To a degree, this would actually be a very good time for Apple to jump in. Apple is a company that likes to control the user experience, and offering an on-demand mobility service where it doesn’t have to sell individual vehicles might actually be a great fit. On the other hand, that same desire to provide a reliable, consistent experience may be working against the company, as we are on the bleeding edge of autonomous vehicles. Apple prefers to let others go first and then learn from their lessons. It didn’t build the first MP3 player, smartphone, or tablet, but instead waited to build devices that worked better. If Apple wants to enter the mobility business, it might be better off waiting a few years until more of the technical and legal hurdles have been overcome.

The Bloomberg report indicates that the company is pivoting toward providing a software platform for other automakers. This seems unlikely to be a successful strategy. The aforementioned desire for control clashes with automakers’ preference to provide a distinct user experience to customers, so if Apple offered an infotainment system beyond CarPlay, it is unlikely to be adopted. If the company were to offer an autonomous driving platform, it would be something that’s not consumer-facing and unlikely to appeal to Apple. The bigger automakers are all developing autonomous systems in-house, and the smaller brands are likely to go with the more experienced Tier One suppliers like Delphi or Continental that can offer a turnkey solution.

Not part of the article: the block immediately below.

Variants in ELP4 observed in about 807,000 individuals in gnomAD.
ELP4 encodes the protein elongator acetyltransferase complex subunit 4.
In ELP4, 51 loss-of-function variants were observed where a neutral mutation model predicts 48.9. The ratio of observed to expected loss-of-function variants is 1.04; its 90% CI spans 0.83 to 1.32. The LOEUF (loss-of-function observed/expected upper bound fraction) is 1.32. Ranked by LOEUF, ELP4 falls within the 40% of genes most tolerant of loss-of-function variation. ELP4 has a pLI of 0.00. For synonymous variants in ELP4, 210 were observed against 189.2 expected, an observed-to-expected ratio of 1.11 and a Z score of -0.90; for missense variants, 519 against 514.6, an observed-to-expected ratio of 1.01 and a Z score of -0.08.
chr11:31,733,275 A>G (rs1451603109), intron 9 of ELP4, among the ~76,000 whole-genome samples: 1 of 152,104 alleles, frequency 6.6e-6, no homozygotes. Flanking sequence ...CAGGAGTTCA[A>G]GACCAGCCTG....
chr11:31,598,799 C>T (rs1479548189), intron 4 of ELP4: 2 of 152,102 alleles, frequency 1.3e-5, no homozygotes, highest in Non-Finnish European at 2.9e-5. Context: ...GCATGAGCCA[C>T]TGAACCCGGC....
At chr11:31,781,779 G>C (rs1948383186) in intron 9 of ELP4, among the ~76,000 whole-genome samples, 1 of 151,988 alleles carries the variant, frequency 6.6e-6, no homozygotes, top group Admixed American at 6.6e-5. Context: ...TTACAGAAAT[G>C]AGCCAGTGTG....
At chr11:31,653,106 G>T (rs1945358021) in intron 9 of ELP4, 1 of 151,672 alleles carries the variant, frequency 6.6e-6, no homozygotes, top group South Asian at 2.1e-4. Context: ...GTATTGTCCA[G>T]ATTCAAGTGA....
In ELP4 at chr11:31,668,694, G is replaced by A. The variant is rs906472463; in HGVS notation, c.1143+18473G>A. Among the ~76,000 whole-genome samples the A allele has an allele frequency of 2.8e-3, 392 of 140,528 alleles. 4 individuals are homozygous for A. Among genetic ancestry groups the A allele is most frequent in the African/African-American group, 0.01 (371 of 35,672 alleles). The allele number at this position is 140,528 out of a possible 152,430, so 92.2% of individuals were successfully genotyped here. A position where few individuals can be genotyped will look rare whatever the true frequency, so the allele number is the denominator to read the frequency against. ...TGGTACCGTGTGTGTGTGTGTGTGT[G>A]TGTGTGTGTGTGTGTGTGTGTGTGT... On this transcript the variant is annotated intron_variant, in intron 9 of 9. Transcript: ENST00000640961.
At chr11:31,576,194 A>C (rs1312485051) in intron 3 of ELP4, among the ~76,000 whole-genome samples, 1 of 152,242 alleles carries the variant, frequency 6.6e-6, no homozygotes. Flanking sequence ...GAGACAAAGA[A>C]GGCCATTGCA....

Only a fool would completely discount Apple in the transportation space or anything else it wanted to try—but holding your breath while waiting for the company’s automotive offering might prove just as foolish.


Could On-Demand Mobility Finally Pave the Way for Vehicle-to-Grid Integration?

— September 27, 2016

EV RefuelingA decade ago, when discussion of modern plug-in electric vehicles (PEVs) was just getting ramped up again, one of the big potential selling points was the concept of vehicle-to-grid (V2G) integration. For a variety of reasons, it never quite caught on. However, as automakers, suppliers, and a variety of service providers have made a flurry of announcements about deploying autonomous vehicles into ride-hailing services in recent weeks, the time may also have arrived for V2G.

The idea behind V2G was to enable two-way communications and power delivery between PEVs and charging outlets. In addition to electricity flowing into the vehicles’ batteries to enable mobility, PEVs could also provide power back to the grid when needed to cover peak demand loads. A number of automakers have worked with utilities over the years to test out the concept, including Ford. When the automaker built a fleet of 20 prototype Escape plug-in hybrids for field testing in 2008, the cars were loaned out mostly to utilities to evaluate V2G.

Benefits of V2G